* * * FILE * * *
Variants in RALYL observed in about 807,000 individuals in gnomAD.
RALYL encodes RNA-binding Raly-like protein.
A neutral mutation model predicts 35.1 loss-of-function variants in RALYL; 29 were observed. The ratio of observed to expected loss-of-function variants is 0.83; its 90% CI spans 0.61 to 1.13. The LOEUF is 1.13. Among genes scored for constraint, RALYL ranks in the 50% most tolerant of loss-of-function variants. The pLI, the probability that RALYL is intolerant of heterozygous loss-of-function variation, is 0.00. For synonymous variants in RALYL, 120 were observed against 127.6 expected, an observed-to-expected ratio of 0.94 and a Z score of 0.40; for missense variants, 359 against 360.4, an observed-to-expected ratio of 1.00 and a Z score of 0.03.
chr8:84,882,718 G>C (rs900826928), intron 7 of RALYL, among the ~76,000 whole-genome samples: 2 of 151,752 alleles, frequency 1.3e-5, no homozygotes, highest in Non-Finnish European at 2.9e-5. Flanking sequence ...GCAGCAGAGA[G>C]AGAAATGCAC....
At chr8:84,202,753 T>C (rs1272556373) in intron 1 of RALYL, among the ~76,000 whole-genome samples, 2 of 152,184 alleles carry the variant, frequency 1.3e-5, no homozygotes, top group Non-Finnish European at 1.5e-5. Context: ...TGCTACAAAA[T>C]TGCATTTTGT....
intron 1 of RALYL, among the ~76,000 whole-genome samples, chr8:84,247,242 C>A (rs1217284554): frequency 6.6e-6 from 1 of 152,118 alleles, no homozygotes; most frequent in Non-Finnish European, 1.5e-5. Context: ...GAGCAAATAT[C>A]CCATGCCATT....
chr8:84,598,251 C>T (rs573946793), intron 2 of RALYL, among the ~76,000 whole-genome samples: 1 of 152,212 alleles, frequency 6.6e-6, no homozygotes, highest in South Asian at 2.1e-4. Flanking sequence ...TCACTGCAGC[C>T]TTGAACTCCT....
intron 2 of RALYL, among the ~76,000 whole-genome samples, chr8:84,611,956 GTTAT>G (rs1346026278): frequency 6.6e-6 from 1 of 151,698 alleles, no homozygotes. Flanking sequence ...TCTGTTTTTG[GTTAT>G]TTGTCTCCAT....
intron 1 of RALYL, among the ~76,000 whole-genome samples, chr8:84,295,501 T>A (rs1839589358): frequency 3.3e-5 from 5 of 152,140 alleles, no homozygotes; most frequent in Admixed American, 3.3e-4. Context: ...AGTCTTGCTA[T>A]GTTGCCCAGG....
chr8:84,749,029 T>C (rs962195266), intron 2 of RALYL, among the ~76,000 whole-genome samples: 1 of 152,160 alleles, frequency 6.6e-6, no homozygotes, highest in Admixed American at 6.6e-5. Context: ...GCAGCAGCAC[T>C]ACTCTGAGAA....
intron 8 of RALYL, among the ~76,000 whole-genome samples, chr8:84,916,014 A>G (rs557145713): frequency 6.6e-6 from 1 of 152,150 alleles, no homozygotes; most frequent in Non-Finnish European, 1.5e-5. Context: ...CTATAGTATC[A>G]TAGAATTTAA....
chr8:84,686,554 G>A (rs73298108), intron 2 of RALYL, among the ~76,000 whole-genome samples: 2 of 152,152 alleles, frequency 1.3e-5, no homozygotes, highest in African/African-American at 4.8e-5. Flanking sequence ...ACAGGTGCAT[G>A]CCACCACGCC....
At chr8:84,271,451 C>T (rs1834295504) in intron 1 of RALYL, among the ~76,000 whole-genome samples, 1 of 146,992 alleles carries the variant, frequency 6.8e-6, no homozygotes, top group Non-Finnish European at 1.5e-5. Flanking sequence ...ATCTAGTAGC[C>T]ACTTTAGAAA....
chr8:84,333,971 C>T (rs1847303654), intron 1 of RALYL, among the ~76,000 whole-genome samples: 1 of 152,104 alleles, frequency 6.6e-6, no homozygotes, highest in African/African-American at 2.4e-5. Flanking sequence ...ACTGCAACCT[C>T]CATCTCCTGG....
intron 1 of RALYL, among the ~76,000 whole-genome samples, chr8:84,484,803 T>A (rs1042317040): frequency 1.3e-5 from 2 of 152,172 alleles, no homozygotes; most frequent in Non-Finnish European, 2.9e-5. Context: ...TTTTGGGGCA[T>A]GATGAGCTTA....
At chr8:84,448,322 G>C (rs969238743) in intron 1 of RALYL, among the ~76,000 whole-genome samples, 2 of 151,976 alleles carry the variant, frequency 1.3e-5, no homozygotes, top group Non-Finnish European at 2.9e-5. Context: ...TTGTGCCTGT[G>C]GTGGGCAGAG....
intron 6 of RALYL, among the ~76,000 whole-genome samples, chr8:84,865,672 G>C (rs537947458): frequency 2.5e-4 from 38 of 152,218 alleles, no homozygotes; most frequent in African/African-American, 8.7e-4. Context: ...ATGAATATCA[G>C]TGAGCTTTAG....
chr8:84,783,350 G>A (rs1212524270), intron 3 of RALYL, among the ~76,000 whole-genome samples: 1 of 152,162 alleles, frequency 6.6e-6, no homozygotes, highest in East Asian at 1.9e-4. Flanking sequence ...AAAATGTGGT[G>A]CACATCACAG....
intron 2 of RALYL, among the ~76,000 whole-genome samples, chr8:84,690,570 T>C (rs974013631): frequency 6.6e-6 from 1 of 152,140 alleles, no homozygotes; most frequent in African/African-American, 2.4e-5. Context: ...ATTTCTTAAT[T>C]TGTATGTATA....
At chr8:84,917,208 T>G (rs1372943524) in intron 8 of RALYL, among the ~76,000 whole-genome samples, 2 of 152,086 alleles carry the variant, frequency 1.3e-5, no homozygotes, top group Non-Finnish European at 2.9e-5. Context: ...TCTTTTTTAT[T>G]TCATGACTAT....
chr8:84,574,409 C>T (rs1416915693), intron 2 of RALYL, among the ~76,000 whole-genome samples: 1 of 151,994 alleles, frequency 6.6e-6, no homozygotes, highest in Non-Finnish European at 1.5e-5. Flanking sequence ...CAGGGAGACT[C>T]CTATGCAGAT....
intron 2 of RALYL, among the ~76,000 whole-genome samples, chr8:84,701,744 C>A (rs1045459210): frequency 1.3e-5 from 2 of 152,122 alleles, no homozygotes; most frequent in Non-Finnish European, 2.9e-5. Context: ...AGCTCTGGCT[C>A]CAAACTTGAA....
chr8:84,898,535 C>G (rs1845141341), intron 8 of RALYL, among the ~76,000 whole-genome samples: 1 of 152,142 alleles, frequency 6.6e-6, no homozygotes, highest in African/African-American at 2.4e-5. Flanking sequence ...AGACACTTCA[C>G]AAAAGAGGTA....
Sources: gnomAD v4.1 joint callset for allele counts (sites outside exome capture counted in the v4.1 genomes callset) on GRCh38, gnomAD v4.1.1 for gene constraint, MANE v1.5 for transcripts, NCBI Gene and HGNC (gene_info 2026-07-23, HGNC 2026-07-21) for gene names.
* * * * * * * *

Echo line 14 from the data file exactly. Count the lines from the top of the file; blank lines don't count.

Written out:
chr8:84,333,971 C>T (rs1847303654), intron 1 of RALYL, among the ~76,000 whole-genome samples: 1 of 152,104 alleles, frequency 6.6e-6, no homozygotes, highest in African/African-American at 2.4e-5. Flanking sequence ...ACTGCAACCT[C>T]CATCTCCTGG....